Read more of what the Ladies of Matter and MSNBC.com had to say about Susan Faludi’s feminist classic, Backlash on Medium.

Reflecting on an Injustice: Emmett Till, 59 years later.

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It was before dawn 59 years ago today when a boy, rousted out the bed he shared with his cousins, was kidnapped from his uncle’s home by gun point, and forced into the back of a truck; never to be seen alive again by those who loved him. The child’s body surfaced three days later and his mother arranged for an open casket funeral, so that the world would be confronted by the brutality her son faced. The boy’s great uncle identified the two men who kidnapped and killed his nephew in open court. The jury deliberated for 67 minutes before acquitting the men of murder. The County grand jury refused to indict the men for kidnapping and they went free. The following year, the two men are paid $4000 to recount, for a magazine, the details of brutally beating the boy. The killers detail with pride, trucking the boy to the edge of a local River, shooting him in the head, fastening a large metal fan used for ginning cotton to his neck with barbed wire, and pushing his lifeless body into the murky depths.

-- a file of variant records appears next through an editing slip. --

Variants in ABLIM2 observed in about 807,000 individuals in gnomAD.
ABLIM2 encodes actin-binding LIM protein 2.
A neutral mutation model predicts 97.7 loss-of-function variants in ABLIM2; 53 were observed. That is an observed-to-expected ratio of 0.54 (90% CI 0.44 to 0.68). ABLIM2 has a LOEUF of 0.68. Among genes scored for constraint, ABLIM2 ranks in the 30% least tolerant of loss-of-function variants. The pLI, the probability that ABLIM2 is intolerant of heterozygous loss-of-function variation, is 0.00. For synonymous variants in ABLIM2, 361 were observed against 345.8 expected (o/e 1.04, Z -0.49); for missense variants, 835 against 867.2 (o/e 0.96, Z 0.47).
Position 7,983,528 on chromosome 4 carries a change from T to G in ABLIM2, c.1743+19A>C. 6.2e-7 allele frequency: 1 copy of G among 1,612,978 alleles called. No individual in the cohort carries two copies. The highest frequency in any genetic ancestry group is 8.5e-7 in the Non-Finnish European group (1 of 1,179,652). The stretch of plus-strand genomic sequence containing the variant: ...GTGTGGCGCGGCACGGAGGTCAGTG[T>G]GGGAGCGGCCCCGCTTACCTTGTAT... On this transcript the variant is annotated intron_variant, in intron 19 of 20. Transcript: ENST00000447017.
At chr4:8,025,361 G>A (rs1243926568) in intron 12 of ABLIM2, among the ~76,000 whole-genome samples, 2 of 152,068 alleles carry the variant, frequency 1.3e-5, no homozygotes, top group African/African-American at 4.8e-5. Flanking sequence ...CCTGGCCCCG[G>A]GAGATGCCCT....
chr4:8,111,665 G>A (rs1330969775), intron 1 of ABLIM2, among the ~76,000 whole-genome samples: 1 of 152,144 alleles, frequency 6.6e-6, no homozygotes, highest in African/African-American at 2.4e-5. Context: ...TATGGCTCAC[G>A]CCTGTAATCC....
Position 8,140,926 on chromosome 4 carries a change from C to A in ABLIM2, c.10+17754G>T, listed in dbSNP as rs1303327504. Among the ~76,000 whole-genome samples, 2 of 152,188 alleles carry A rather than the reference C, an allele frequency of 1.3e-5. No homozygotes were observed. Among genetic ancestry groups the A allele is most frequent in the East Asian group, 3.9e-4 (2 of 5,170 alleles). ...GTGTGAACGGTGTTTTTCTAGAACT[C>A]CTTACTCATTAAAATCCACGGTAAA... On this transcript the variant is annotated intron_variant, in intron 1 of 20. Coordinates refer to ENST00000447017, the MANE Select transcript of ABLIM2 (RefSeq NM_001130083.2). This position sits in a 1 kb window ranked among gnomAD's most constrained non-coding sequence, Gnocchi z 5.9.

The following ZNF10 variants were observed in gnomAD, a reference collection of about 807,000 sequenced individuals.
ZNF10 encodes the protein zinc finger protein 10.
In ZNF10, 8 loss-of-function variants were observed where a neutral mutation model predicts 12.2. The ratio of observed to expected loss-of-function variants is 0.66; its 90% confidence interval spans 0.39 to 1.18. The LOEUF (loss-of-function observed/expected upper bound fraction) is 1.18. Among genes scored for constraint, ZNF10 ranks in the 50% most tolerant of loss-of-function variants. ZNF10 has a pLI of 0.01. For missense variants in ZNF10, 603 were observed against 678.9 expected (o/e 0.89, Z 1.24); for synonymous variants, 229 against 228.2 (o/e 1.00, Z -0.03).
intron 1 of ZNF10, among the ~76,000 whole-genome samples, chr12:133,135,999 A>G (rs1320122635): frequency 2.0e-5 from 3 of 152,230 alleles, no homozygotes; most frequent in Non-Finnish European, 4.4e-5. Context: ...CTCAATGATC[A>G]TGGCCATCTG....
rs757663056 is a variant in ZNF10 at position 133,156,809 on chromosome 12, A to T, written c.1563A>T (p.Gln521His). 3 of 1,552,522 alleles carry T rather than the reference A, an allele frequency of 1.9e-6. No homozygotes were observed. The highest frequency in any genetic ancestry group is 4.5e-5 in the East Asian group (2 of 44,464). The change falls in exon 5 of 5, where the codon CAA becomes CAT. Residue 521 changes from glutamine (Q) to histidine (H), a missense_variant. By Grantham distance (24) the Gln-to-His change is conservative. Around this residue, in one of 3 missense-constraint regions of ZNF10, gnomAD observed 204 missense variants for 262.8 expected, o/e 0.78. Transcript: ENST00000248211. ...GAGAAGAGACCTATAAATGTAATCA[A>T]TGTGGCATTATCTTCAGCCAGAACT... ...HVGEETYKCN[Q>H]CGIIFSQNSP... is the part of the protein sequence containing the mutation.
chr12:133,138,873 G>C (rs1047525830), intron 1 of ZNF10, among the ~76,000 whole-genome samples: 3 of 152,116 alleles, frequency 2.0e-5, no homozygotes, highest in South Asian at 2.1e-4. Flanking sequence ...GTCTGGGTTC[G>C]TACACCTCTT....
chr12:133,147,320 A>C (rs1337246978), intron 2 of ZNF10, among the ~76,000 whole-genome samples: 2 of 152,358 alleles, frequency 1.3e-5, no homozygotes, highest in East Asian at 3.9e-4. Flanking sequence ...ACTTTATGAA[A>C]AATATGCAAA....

Emmett Till was 14 years old. He wasn’t the first, or the last child to meet a violent death because of his complexion. Take the time to check out a few reflections on his life in addition to the climate of the time period. Then pause for a moment for self-reflection. Ask yourself; how much ground have we gained towards unlearning racism and better yet, how much further must we strive to eradicate it?

BY LAUREN CROOM

A general timeline of events leading up to and following Till’s death

Open the pages of the January 1956 Look magazine to read the killers’ confession.

The Face of Emmett Till (a powerful journal entry I found while researching today’s history)

Teachers tools for classroom discussion about Till and the civil rights movement

A photo of Demetrius Oliver’s “Till”; a haunting piece of work that illustrates Till’s continued impact on society.